You can use various cross-chain bridges. they are built based on burning algorithms (mint-and-burn) or using the process of freezing and reissuing synthetic tokens. It is implied that when a token leaves its blockchain, it is frozen, and at the same time, a synthetic version of this token is released on another platform. Often (but not always) the process is based on the presence of intermediaries (oracles) in the systems to transfer information from one blockchain to another. The burning protocol, as the name suggests, does not freeze, but burns tokens.
Cross-chain solutions can be centralized (requiring full trust), federated (federated), and trustless. These characteristics can vary to varying degrees — it all depends on the level of decentralization.
Centralized bridges imply full control by any institution/team/company/project. Users transfer their information/funds to the management of the central authority that controls the operation of the blockchain. There is no decentralization, but such solutions are easily and quickly implemented. At the same time, no one guarantees the safety of funds, therefore, this technology does not differ in security.
The federated bridge works by analogy with a private blockchain. Nodes must comply with a number of strict rules to become part of the management network and gain control over the movement of tokens. Specialized nodes are called keepers. There are such, for example, in a cross-chain solution between Ethereum and Wanchain. Custodians block tokens in Ethereum and issue tokens in Wanchain. If the user needs to transfer tokens back, he submits a request to the keepers, who send part of the secret key. When a full key is generated, it removes the lock from the tokens. There may be various options for voting mechanisms with partial control.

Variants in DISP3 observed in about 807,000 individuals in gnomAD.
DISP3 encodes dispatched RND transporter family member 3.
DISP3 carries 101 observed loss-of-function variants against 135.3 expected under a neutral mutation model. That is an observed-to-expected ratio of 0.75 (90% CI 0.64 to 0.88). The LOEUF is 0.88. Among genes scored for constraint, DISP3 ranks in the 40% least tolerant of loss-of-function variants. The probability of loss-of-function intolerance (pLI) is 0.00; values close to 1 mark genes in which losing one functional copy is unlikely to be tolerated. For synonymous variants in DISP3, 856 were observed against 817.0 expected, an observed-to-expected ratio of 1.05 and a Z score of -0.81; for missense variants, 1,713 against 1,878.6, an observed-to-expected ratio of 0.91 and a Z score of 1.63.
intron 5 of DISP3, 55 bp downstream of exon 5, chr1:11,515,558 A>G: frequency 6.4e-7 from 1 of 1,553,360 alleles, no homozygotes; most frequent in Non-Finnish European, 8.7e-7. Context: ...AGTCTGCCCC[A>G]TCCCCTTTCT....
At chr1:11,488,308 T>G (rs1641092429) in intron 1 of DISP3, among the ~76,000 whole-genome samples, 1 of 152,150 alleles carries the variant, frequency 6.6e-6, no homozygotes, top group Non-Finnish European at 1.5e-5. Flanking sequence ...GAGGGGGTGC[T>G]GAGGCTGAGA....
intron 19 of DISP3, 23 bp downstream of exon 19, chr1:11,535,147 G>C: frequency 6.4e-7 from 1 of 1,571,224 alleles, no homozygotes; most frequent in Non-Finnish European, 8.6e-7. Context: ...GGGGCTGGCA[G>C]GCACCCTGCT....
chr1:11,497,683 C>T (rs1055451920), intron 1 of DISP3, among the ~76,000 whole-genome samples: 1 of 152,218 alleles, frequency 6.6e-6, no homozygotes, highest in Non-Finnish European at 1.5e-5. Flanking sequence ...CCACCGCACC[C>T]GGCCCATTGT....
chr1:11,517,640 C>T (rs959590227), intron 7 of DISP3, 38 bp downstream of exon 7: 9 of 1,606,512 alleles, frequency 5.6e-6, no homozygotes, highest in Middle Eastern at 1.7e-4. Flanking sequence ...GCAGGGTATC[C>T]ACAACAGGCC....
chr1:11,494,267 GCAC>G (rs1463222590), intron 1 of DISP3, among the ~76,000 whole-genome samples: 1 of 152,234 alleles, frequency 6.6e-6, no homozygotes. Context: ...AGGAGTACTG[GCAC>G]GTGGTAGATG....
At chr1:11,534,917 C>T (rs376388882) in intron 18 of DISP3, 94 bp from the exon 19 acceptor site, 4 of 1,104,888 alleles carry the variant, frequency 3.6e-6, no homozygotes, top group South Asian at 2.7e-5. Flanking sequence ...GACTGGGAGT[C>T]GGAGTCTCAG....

Trustless-bridge is a full-fledged decentralized system that any network participant can join to perform the functions of an agent or validator. He verifies the validity of transactions and receives a commission for it. The Syscoin bridge works according to this algorithm. Nodes here can challenge the work of other agents and report a violation. If the check is successful, then 3 ETH is withdrawn from the violator, but in the opposite case, 3 ETH is lost by the person who reported the violation. Another vivid example of such a bridge is Wormhole, connecting the Solana network and Ethereum. It allows you to convert ERC-20 tokens into native SPL tokens of the Solana blockchain.
Advantages of Cross-Chain Bridges
Bridges can accelerate the transfer of digital assets in a trustless environment. Interoperability can also contribute to high confidentiality, for example, data is recorded in sidechains accessible only to the parties involved in each specific transaction.
Bridges can also provide greater speed and scalability using sharding (segmentation). Individual operations can be recorded in a network segment, while the result of processing a group of operations is recorded in the main registry. Bridges reduce network traffic by distributing between less loaded blockchains, which also contributes to greater scalability.
Disadvantages of Cross-Chain Bridges
This is still an experimental technology that needs to be honed for mass use. Cross-chain solutions have not yet become sufficiently universal and so far act as a kind of crutches, another add-on, or a level above blockchains, which makes the entire system more cumbersome.
Errors and obstacles between the work of various networks are not excluded, because these are complex distributed registries, and not every computer can process such an amount of information. That is, cross-chain bridges are quite resource-intensive, in the sense that they require a lot of human resources and time.
There are also questions about security. The more bridges an asset passes, the riskier it becomes, moving further away from the original asset. Since new tokens with new tickers are minted every time they pass through the bridge, this creates inconvenience for users.
Now it is necessary to look for a unique approach to each case and each pair of blockchains, and this requires time, money, and serious efforts of developers.